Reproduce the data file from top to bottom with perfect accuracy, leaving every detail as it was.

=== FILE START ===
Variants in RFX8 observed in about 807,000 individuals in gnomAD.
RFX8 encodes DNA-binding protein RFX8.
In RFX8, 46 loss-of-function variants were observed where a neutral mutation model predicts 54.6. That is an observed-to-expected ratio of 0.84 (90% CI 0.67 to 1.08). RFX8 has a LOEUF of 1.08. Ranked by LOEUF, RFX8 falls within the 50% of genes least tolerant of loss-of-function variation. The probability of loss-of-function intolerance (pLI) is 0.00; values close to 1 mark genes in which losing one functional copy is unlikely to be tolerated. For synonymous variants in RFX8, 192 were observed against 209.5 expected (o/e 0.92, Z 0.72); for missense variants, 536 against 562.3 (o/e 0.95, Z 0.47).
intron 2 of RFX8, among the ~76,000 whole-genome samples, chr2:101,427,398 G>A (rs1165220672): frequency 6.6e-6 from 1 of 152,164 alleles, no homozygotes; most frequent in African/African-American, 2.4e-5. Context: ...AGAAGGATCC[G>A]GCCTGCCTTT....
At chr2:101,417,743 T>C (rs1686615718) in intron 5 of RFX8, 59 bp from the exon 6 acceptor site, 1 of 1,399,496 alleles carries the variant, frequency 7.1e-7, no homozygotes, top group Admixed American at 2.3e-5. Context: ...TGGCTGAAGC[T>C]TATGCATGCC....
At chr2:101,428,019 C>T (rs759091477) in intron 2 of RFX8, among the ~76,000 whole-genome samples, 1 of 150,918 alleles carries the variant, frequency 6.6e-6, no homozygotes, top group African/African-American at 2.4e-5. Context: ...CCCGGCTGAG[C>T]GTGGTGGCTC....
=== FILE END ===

Variants in RFX8 observed in about 807,000 individuals in gnomAD.
RFX8 encodes DNA-binding protein RFX8.
In RFX8, 46 loss-of-function variants were observed where a neutral mutation model predicts 54.6. That is an observed-to-expected ratio of 0.84 (90% CI 0.67 to 1.08). RFX8 has a LOEUF of 1.08. Ranked by LOEUF, RFX8 falls within the 50% of genes least tolerant of loss-of-function variation. The probability of loss-of-function intolerance (pLI) is 0.00; values close to 1 mark genes in which losing one functional copy is unlikely to be tolerated. For synonymous variants in RFX8, 192 were observed against 209.5 expected (o/e 0.92, Z 0.72); for missense variants, 536 against 562.3 (o/e 0.95, Z 0.47).
intron 2 of RFX8, among the ~76,000 whole-genome samples, chr2:101,427,398 G>A (rs1165220672): frequency 6.6e-6 from 1 of 152,164 alleles, no homozygotes; most frequent in African/African-American, 2.4e-5. Context: ...AGAAGGATCC[G>A]GCCTGCCTTT....
At chr2:101,417,743 T>C (rs1686615718) in intron 5 of RFX8, 59 bp from the exon 6 acceptor site, 1 of 1,399,496 alleles carries the variant, frequency 7.1e-7, no homozygotes, top group Admixed American at 2.3e-5. Context: ...TGGCTGAAGC[T>C]TATGCATGCC....
At chr2:101,428,019 C>T (rs759091477) in intron 2 of RFX8, among the ~76,000 whole-genome samples, 1 of 150,918 alleles carries the variant, frequency 6.6e-6, no homozygotes, top group African/African-American at 2.4e-5. Context: ...CCCGGCTGAG[C>T]GTGGTGGCTC....